In Strasbourg, the local authority’s commitment started with the Ecoquartier association and its eco-neighbourhood project. To address the lack of political response and reaction, the association decided to launch a high environmental quality participatory housing project, which became its hobbyhorse. The association bought a plot of land from the municipality and once the project was completed, it organised meetings to spread the initiative to other groups of citizens interested in the idea. This new strategy, by showing that it was possible to get reference projects built, contributed to raising the local authority’s awareness of the issue. The city of Strasbourg, now interested, decided to launch a call for projects entirely dedicated to participatory housing, a first in France. Throughout the process, the municipality used the neighbouring examples of Tübingen and Freiburg as a source of inspiration.

What is the dialogue between stakeholders ?

Since participatory housing is an experimental object and unknown to most stakeholders, difficulties may arise during discussions. The city of Strasbourg has put a lot of effort into communication, not only internally, with its technical departments, but also with notaries, banks, urban planners, property developers, architects and groups of citizens.The idea was first and foremost to reassure and obtain the involvement of citizens by proposing and explaining the operational frameworks designed to facilitate project realisation.

Most conventional developers, for example, perceived participatory housing as a form of competition, a challenge to their traditional role.

For them, this new approach could only be a source of technical and legal difficulties for project holders. It was therefore necessary to reassure them, explain the processes, and engage discussions… Over time, relations have become less tense and some promoters now propose shared terraces or the co-finalisation of projects to groups of families, concepts that clearly evoke some of the features or benefits of participatory housing.

Social landlords and urban planners also viewed participatory housing as a new, “risky” approach. Community groups were new players and conventional stakeholders did not know how to work with them for a number of reasons: obstacles linked to the introduction of new practices, incompatible operating methods, lack of know-how. Again, assistance with communication and collaborative work to create a common culture were necessary. Since then, pioneer players have come forward and are now overseeing a number of projects.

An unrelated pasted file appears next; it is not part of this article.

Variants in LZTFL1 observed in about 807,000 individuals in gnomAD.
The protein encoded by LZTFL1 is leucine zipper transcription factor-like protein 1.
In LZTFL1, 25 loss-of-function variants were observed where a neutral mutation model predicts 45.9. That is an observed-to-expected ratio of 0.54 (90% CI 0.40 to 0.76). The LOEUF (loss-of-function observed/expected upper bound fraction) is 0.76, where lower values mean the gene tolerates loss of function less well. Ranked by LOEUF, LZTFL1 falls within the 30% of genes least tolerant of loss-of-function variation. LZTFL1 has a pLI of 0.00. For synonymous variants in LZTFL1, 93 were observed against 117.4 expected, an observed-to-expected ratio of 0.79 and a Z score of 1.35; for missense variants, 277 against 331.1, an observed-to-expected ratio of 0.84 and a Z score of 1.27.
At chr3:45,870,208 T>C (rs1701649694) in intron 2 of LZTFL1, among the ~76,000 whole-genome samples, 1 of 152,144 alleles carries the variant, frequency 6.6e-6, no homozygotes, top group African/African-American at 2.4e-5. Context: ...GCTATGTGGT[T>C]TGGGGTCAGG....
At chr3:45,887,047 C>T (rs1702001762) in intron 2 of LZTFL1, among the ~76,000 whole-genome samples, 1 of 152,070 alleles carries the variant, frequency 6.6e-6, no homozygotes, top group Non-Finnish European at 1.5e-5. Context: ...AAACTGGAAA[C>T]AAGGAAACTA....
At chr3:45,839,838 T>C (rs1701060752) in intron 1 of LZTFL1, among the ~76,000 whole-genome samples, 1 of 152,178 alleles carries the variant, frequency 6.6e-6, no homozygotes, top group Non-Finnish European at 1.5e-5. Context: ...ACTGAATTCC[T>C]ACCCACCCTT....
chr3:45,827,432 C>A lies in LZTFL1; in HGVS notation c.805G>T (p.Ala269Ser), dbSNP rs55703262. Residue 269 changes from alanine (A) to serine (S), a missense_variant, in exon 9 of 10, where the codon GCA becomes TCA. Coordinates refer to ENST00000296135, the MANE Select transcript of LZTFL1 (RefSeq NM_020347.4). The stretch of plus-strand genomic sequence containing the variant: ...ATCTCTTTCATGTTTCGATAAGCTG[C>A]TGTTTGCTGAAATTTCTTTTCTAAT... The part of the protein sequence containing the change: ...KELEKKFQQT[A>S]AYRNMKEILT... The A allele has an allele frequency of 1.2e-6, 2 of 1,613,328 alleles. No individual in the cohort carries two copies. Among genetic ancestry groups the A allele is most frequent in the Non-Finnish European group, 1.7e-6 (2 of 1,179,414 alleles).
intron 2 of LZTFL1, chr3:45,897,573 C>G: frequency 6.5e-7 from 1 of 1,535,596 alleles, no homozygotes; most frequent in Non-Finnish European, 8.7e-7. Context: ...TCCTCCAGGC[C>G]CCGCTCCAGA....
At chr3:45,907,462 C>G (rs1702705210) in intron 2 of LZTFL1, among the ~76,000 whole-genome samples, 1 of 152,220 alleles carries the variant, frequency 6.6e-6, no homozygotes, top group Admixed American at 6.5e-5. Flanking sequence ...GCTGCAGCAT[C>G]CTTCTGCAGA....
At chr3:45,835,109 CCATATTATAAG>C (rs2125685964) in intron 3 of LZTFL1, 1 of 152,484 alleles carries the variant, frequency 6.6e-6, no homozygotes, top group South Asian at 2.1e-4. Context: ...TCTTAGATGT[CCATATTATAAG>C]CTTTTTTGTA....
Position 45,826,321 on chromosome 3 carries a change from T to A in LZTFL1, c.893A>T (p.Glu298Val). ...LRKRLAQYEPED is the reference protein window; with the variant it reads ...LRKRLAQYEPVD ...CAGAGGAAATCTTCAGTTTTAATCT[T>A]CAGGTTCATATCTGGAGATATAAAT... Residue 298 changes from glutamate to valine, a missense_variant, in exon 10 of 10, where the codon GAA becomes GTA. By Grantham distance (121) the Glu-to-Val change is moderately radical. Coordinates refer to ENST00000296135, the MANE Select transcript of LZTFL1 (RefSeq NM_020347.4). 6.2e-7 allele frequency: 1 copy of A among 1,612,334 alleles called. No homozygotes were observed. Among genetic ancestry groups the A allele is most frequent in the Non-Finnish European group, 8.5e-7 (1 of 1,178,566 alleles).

Assistance and time are two key factors when it comes to increasing the chances of seeing the approach result in actual construction projects. Significant support is also provided to applicant groups and then to consultation winners: assistance in making sure that the financial reality has been taken into account, obligation to seek professional project management assistance, etc. During the consultation process, the city of Strasbourg makes sure that the various groups involved do communicate (applicant groups, interested citizens, Ecodistrict association, architects, project consultants, consultancy firms, general contractors, etc.). It also provides advice on the financial arrangements of the project.

Every two months, the main local stakeholders attend a steering committee meeting: SERS, the social landlord involved (Habitat d’Ill),Conseil d’architecture d’urbanisme et de l’environnement(non-profit consulting organisation in architecture, urbanism and environment), elected representatives, practitioners, the Ecodistrict association… The main challenge is to create a common culture and to continue to reinforce the partnership momentum. More generally speaking, financially viable projects completed within the allowed timeframe generate consensus on the benefits of participatory housing and contribute to the dissemination of similar initiatives and consultation processes in Strasbourg and in other cities. (A nationallocal authority network promoting participatory housing exists in France, but no institutional network at European level has been created yet ).

Participatory housing encourages environmentally-and energy-aware citizens to go beyond the legal requirements in terms of energy sources and materials, promotes a more demanding governance and awareness model than traditional methods and demonstrates the energy and financial performance of these projects. It is therefore an energy transition tool that has a role to play in the development of green urban planning and participative cities.